Mendelson, Cheryl. Morningside Heights.

NY: Random House, 2003.

Remember those big, fat multi-generational family sagas that were popular early in the 20th century? This marvelous novel reminds me in some ways of them — except that it’s only about 300 pages long. On the other hand, the narrative is so dense on the page and the writing is so rich, it feels like three times that length — and I mean that in a good way.

It’s a very easy read, but Mendelson (who, surprisingly, is alo the author of the nonfiction Home Comforts) doesn’t waste a word anywhere. And while I expect some people will complain that the pace is too slow, especially in the first couple of chapters, I think “leisurely” is a better description.

Morningside Heights is the neighborhood surrounding Columbia University on the Upper West Side of Manhattan. Since World War II, it’s been a haven for academics, musicians, scientists, authors, and intellectuals of every stripe. The stockbrokers and big-time lawyers have gone elsewhere but there’s still a fair amount of money around. The Braithwaites — Charles and Anne, both pushing forty, and their three young children — have a too-small apartment on West 117th Street in which they have lived happily since their marriage twenty years before. Charles sings opera and Anne has basically given up her own musical career (and income-earning) in favor of raising the kids (all of whom also show considerable creative talent), but the times are changing, the condo maintenance and private school fees are going up again, and they’re sliding deeper into debt each year. Accomplishment has always been far more important to them than money for its own sake. Yet while the kids wear hand-me-downs, Anne still insists on putting lobster and caviar on the table, and spending thousands on child-size violins. And now she’s pregnant again. Will they be forced to leave the City and move out to the distant suburbs? That’s a very bleak prospect for such a deeply urban family used to easy access to bookstores, local shops, museums, and concerts.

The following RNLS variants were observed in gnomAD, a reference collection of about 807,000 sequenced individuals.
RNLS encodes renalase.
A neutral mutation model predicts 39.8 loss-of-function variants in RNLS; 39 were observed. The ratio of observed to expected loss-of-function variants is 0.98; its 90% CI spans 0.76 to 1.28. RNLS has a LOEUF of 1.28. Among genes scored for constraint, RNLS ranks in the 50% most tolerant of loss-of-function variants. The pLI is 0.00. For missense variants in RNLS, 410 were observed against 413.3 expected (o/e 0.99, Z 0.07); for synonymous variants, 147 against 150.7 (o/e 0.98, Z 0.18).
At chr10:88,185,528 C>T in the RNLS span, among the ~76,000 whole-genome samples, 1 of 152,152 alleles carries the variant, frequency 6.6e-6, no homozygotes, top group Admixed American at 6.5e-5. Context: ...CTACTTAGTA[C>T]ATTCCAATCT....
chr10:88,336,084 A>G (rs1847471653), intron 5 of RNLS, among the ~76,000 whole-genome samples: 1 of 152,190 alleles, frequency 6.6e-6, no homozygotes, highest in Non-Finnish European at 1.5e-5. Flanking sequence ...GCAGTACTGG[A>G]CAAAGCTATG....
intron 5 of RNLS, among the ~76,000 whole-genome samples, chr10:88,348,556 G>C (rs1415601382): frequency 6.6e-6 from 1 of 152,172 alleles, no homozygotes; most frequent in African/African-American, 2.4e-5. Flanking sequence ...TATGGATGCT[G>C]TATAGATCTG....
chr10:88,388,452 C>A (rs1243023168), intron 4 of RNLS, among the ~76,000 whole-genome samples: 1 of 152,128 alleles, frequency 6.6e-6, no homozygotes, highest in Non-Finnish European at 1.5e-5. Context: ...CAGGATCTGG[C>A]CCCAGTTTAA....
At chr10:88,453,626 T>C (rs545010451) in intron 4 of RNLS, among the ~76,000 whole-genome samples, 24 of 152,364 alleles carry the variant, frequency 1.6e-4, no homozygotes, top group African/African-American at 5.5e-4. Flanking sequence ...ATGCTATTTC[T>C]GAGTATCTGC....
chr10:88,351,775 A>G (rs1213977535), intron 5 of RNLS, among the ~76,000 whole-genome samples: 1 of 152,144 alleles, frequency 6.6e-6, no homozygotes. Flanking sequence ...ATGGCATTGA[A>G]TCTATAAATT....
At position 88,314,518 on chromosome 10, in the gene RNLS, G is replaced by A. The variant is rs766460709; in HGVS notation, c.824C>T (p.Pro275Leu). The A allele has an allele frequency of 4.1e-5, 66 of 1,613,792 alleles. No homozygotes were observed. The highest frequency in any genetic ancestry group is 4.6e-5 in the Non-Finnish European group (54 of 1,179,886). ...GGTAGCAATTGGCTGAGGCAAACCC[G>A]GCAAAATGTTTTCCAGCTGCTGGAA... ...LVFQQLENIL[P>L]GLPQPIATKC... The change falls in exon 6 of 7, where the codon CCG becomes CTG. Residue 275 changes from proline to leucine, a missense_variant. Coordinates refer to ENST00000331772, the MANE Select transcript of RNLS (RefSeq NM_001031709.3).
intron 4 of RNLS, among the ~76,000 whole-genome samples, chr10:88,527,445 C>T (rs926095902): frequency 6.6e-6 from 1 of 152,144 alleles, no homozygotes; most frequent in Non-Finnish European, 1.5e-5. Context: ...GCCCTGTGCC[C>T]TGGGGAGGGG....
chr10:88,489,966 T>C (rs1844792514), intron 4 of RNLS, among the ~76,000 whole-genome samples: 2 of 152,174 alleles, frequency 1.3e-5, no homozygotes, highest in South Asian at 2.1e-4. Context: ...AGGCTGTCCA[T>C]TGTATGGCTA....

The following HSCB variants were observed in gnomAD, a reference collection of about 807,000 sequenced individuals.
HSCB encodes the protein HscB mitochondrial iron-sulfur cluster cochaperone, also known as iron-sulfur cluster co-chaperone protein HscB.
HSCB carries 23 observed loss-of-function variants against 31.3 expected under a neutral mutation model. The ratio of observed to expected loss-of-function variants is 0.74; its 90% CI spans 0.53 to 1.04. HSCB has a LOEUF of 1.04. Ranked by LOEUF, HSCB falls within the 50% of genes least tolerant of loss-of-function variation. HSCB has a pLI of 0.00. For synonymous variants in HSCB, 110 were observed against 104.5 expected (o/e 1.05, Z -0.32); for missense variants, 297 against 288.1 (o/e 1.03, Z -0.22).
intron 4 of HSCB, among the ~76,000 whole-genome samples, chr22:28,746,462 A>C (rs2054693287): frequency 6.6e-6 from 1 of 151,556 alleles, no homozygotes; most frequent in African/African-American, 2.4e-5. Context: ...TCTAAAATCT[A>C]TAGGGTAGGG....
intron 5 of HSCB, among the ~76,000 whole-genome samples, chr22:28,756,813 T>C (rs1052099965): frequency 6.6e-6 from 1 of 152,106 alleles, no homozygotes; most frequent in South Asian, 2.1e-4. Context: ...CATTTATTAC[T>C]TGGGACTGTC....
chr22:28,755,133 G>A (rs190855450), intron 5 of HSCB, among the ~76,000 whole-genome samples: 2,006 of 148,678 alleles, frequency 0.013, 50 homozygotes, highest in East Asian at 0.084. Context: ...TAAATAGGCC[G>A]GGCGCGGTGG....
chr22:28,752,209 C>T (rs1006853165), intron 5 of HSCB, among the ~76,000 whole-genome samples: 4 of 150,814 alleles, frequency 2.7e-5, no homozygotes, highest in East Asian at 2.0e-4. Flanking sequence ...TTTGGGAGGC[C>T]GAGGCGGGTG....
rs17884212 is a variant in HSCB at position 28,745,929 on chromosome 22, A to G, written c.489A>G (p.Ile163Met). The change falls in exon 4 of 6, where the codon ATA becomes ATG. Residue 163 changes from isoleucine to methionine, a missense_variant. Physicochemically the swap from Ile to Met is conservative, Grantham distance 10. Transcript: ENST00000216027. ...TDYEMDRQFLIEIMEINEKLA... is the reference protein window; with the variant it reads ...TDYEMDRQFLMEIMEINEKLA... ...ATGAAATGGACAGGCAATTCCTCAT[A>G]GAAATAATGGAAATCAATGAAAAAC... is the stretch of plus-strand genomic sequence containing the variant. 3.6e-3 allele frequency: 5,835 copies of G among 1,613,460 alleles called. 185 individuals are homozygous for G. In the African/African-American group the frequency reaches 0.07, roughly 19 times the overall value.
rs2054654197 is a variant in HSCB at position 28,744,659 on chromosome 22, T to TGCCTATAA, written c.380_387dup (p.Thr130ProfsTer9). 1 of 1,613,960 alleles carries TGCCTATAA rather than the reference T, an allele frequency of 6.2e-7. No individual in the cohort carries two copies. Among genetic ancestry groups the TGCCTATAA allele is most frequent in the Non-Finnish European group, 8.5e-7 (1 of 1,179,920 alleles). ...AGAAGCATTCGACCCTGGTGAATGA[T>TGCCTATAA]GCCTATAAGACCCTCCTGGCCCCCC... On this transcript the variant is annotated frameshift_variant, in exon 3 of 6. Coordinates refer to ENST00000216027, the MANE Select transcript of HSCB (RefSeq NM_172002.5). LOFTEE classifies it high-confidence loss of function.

But the Braithwaites are part of a strong and supportive local network of relatives and friends — all of whom also are shocked at the possibility of the Braithwaites abandoning Manhattan. One of this group is Merrit, of whom everyone feels protective; she’s an independent scholar and author with a growing international reputation, who, at thirty-eight, is beginning to realize just how lonely she is and how much she longs for a mate and (especially) a child. Another is Morris, Charles’s best friend for many years; he’s a geneticist, most recently working at Stanford, who has taken a short-term position at Columbia to try to complete a series of experiments that will get his career going in the direction he desires. He also very much wants a family, but he seems always to get involved with the wrong women. A new recruit, in a manner of speaking, is the Episcopalian Father Merriweather, assistant priest at St. Ursula’s, who gets drawn into the Braithwaites’ circle by outside circumstances; he earned a law degree but gave up tax shelters for managing the church’s soup kitchen.

The catalyst that drives the narrative is the death at 103 of Lizzie Miller, who lived across the hall from the Braithwaites and whose parents were among the original tenants of the building before the Great War. She had a couple of excellent full-time caregivers and Anne always figured she was comfortable in her old age, but the unsettling facts about Lizzie’s true situation begin gradually to come to light. Beyond this, there are another dozen supporting characters whom Mendelson also draws in vivid colors and who quickly pull you into the story. As noted, the pace is thoughtful and methodical and we also witness the intellectual processes of a number of fascinating people who live with their minds, not their hands — but all of them all exceedingly human for all that. Best of all the characters, though, is the community of Morningside Heights itself.

Published in: on 23 November 2012 at 6:31 am  Leave a Comment  
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